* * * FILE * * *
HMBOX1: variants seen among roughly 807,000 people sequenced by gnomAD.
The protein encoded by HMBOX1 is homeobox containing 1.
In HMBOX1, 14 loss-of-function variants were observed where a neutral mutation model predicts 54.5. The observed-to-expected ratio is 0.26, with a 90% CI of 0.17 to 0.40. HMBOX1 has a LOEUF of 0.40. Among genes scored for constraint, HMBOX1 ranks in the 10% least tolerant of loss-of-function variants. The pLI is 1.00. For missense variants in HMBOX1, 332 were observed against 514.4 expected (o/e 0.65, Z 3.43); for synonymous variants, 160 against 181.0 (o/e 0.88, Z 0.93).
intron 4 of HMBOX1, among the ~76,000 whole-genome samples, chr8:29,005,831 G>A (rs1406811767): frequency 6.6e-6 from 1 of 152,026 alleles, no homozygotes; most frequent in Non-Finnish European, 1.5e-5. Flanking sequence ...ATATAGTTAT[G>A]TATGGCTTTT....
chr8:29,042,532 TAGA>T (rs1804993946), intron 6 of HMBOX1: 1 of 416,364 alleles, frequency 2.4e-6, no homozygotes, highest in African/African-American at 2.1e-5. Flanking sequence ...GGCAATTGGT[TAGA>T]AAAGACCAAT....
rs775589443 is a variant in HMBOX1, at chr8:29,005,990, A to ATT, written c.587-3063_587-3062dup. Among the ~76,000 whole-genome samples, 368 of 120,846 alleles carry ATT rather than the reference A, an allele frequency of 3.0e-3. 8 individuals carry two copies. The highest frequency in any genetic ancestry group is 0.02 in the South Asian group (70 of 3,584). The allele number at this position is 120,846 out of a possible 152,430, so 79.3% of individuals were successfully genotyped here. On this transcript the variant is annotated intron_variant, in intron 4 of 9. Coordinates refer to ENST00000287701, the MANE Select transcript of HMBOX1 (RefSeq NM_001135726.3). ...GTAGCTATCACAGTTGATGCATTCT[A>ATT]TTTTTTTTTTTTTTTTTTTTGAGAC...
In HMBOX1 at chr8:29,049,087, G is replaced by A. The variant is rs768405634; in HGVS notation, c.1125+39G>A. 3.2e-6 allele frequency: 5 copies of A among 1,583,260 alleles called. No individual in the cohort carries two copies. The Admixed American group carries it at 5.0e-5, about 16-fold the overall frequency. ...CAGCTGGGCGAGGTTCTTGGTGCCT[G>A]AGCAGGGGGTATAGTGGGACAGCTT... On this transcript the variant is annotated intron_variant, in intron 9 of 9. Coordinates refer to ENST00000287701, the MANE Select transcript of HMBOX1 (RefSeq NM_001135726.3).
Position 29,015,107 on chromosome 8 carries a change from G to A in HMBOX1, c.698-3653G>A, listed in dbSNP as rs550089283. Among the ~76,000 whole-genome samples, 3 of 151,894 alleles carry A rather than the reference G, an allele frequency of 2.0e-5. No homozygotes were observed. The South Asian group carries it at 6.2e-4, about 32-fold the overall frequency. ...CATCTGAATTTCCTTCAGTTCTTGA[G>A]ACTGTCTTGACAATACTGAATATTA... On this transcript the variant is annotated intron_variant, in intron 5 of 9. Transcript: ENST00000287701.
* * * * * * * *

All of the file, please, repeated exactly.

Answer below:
HMBOX1: variants seen among roughly 807,000 people sequenced by gnomAD.
The protein encoded by HMBOX1 is homeobox containing 1.
In HMBOX1, 14 loss-of-function variants were observed where a neutral mutation model predicts 54.5. The observed-to-expected ratio is 0.26, with a 90% CI of 0.17 to 0.40. HMBOX1 has a LOEUF of 0.40. Among genes scored for constraint, HMBOX1 ranks in the 10% least tolerant of loss-of-function variants. The pLI is 1.00. For missense variants in HMBOX1, 332 were observed against 514.4 expected (o/e 0.65, Z 3.43); for synonymous variants, 160 against 181.0 (o/e 0.88, Z 0.93).
intron 4 of HMBOX1, among the ~76,000 whole-genome samples, chr8:29,005,831 G>A (rs1406811767): frequency 6.6e-6 from 1 of 152,026 alleles, no homozygotes; most frequent in Non-Finnish European, 1.5e-5. Flanking sequence ...ATATAGTTAT[G>A]TATGGCTTTT....
chr8:29,042,532 TAGA>T (rs1804993946), intron 6 of HMBOX1: 1 of 416,364 alleles, frequency 2.4e-6, no homozygotes, highest in African/African-American at 2.1e-5. Flanking sequence ...GGCAATTGGT[TAGA>T]AAAGACCAAT....
rs775589443 is a variant in HMBOX1, at chr8:29,005,990, A to ATT, written c.587-3063_587-3062dup. Among the ~76,000 whole-genome samples, 368 of 120,846 alleles carry ATT rather than the reference A, an allele frequency of 3.0e-3. 8 individuals carry two copies. The highest frequency in any genetic ancestry group is 0.02 in the South Asian group (70 of 3,584). The allele number at this position is 120,846 out of a possible 152,430, so 79.3% of individuals were successfully genotyped here. On this transcript the variant is annotated intron_variant, in intron 4 of 9. Coordinates refer to ENST00000287701, the MANE Select transcript of HMBOX1 (RefSeq NM_001135726.3). ...GTAGCTATCACAGTTGATGCATTCT[A>ATT]TTTTTTTTTTTTTTTTTTTTGAGAC...
In HMBOX1 at chr8:29,049,087, G is replaced by A. The variant is rs768405634; in HGVS notation, c.1125+39G>A. 3.2e-6 allele frequency: 5 copies of A among 1,583,260 alleles called. No individual in the cohort carries two copies. The Admixed American group carries it at 5.0e-5, about 16-fold the overall frequency. ...CAGCTGGGCGAGGTTCTTGGTGCCT[G>A]AGCAGGGGGTATAGTGGGACAGCTT... On this transcript the variant is annotated intron_variant, in intron 9 of 9. Coordinates refer to ENST00000287701, the MANE Select transcript of HMBOX1 (RefSeq NM_001135726.3).
Position 29,015,107 on chromosome 8 carries a change from G to A in HMBOX1, c.698-3653G>A, listed in dbSNP as rs550089283. Among the ~76,000 whole-genome samples, 3 of 151,894 alleles carry A rather than the reference G, an allele frequency of 2.0e-5. No homozygotes were observed. The South Asian group carries it at 6.2e-4, about 32-fold the overall frequency. ...CATCTGAATTTCCTTCAGTTCTTGA[G>A]ACTGTCTTGACAATACTGAATATTA... On this transcript the variant is annotated intron_variant, in intron 5 of 9. Transcript: ENST00000287701.